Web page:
How do i declare a dependency on a module's test code?


(Phil Swenson) #1

I need to declare a dependency on a module’s test code? I have a utility class in a module’s test code that another modules needs to leverage.

I tried this:

dependencies {
    testCompile project(':modules:bam-ae').sourceSets.test.classes
    groovy localGroovy()
}

But it failed with:

Cannot get the value of write-only property ‘classes’ on source set test.


(Peter Niederwieser) #2

One way is to create a new configuration, publish a test (utility) Jar, and depend on the configuration from the other project. Another way is to add a test utility project.


(Phil Swenson) #3

Thanks! Any hints on adding a configuration to publish a test utility jar? My plan is to move this code to it’s own utility project, but that will take a bit.


(Luke Daley) #4

Phil, what IDEs do you need to support? That drastically changes what the best approach to this problem is.


(Phil Swenson) #5

Well, I’m using IntelliJ. Others on my team use eclipse. I’m not sure why IDEs matter?

All I really need to do is jar up the test classes and then copy to a “lib” dir. Could I do a hook into the assemble task to jar up the test classes?

thanks


(Phil Swenson) #6

I think this is the answer:

task testJar(type: Jar) {
    classifier = 'tests'
    from sourceSets.test.output
}

(Rolf Suurd) #7

In my root build.gradle, i have defined this:

configurations {
    testArtifacts
}
  task testJar (type: Jar) {
    baseName = "${project.name}-test"
    from sourceSets.test.output
}
  artifacts {
    testArtifacts testJar
}

Then in the project that needs the test code i declare it as a normal dependency:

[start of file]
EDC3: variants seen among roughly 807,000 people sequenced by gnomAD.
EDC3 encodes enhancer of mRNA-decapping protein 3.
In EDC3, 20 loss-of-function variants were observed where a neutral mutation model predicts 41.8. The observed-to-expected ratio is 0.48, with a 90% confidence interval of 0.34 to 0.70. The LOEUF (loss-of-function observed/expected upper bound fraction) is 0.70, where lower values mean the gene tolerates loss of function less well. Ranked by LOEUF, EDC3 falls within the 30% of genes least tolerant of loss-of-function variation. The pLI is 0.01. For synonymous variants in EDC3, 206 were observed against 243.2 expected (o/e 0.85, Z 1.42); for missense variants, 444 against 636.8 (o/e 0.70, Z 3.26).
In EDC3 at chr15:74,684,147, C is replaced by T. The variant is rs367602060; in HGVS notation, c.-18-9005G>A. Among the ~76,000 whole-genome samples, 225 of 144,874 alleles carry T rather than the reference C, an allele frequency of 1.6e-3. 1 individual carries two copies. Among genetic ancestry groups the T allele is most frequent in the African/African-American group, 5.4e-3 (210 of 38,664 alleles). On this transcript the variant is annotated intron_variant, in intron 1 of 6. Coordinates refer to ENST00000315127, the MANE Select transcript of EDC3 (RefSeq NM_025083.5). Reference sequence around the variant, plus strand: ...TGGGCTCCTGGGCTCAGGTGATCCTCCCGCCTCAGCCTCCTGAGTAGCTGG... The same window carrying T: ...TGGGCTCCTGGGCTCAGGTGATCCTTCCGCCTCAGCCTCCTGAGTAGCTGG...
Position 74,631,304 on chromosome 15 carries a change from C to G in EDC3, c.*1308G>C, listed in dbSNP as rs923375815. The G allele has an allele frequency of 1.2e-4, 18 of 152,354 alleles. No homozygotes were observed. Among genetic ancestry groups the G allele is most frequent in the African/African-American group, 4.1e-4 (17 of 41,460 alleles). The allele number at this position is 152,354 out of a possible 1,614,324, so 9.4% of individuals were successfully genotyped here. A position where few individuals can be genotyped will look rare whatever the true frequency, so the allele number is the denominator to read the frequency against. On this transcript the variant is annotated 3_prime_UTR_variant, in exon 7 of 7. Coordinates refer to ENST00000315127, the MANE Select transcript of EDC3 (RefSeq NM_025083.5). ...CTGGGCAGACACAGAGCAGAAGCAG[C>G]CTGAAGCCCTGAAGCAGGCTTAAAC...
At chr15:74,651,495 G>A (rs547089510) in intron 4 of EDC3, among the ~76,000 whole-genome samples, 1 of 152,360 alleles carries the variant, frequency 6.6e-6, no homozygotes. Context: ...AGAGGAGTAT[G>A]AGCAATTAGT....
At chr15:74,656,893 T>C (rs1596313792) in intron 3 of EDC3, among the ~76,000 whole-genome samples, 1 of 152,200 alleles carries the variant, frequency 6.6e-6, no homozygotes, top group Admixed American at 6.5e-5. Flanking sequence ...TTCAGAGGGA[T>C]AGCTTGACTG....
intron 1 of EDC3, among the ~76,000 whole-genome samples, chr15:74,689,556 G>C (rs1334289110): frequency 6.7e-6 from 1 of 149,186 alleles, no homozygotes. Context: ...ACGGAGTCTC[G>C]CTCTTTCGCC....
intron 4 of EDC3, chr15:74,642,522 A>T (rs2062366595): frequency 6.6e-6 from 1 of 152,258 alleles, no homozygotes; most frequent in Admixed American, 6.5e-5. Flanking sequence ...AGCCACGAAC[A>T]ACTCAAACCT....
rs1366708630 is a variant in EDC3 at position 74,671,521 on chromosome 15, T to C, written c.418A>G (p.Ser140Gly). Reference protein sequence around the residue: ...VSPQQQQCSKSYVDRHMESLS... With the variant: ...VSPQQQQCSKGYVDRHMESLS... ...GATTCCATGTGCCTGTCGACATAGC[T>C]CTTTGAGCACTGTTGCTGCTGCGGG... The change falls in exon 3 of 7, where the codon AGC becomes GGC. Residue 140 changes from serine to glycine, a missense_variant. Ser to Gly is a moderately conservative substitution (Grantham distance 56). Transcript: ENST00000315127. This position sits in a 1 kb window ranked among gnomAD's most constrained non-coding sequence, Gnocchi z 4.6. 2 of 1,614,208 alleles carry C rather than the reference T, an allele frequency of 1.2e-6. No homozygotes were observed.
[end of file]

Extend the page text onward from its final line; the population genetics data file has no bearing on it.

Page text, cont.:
testCompile project (path: ":some-project", configuration: 'testArtifacts')

This works fine for eclipse tests and command-line gradle test at least. Can’t say i have tried for intelliJ


(Luke Daley) #8

Because IDEs have very restrictive models (compared to Gradle) and cannot express all of the things that Gradle can. This is an issue if you are using the ‘idea’ or ‘eclipse’ Gradle plugins.


(Luke Daley) #9

I’d use this, which is slightly different:

configurations {
    testArtifacts.extendsFrom testRuntime
}
task testJar(type: Jar) {
    classifier "test"
    from sourceSets.test.output
}
artifacts {
    testArtifacts testJar
}

Without ‘testArtifacts.extendsFrom testRuntime’ you won’t get the dependencies of the tests if there are any.

Neither IDEA or Eclipse have the concept of a dependency on tests of a module. Luckily, module dependencies include visibility to any test source defined in that module. Both of the Gradle IDE plugins, will interpret the above code as a plain module dependency (i.e. just like ‘project(":some-project")’) which is pretty much what you want.

You have to be careful about dependency cycles though. You can easily have a situation where you do not have a cycle in the Gradle build, but due to the decreased granularity in the IDE you do have a cycle.